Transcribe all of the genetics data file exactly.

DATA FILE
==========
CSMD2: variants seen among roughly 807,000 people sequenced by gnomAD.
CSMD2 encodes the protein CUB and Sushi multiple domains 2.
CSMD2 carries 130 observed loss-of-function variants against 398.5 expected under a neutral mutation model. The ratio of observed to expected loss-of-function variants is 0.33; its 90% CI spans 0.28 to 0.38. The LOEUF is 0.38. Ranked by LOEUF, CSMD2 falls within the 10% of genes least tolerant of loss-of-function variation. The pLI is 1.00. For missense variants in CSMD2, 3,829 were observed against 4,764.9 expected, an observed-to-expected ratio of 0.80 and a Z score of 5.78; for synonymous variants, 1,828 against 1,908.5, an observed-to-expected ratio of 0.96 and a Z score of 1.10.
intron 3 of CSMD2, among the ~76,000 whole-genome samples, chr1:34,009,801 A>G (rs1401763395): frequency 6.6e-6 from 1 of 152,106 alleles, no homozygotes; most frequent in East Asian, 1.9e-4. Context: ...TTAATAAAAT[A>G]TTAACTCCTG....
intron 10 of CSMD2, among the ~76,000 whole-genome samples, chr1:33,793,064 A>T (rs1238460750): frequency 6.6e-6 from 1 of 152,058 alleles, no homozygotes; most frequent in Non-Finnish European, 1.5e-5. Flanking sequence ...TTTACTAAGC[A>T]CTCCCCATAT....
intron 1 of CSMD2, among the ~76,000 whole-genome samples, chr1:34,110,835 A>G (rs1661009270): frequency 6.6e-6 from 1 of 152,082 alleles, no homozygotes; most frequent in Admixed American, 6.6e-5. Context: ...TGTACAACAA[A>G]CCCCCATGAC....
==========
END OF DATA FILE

CSMD2: variants seen among roughly 807,000 people sequenced by gnomAD.
CSMD2 encodes the protein CUB and Sushi multiple domains 2.
CSMD2 carries 130 observed loss-of-function variants against 398.5 expected under a neutral mutation model. The ratio of observed to expected loss-of-function variants is 0.33; its 90% CI spans 0.28 to 0.38. The LOEUF is 0.38. Ranked by LOEUF, CSMD2 falls within the 10% of genes least tolerant of loss-of-function variation. The pLI is 1.00. For missense variants in CSMD2, 3,829 were observed against 4,764.9 expected, an observed-to-expected ratio of 0.80 and a Z score of 5.78; for synonymous variants, 1,828 against 1,908.5, an observed-to-expected ratio of 0.96 and a Z score of 1.10.
intron 3 of CSMD2, among the ~76,000 whole-genome samples, chr1:34,009,801 A>G (rs1401763395): frequency 6.6e-6 from 1 of 152,106 alleles, no homozygotes; most frequent in East Asian, 1.9e-4. Context: ...TTAATAAAAT[A>G]TTAACTCCTG....
intron 10 of CSMD2, among the ~76,000 whole-genome samples, chr1:33,793,064 A>T (rs1238460750): frequency 6.6e-6 from 1 of 152,058 alleles, no homozygotes; most frequent in Non-Finnish European, 1.5e-5. Flanking sequence ...TTTACTAAGC[A>T]CTCCCCATAT....
intron 1 of CSMD2, among the ~76,000 whole-genome samples, chr1:34,110,835 A>G (rs1661009270): frequency 6.6e-6 from 1 of 152,082 alleles, no homozygotes; most frequent in Admixed American, 6.6e-5. Context: ...TGTACAACAA[A>G]CCCCCATGAC....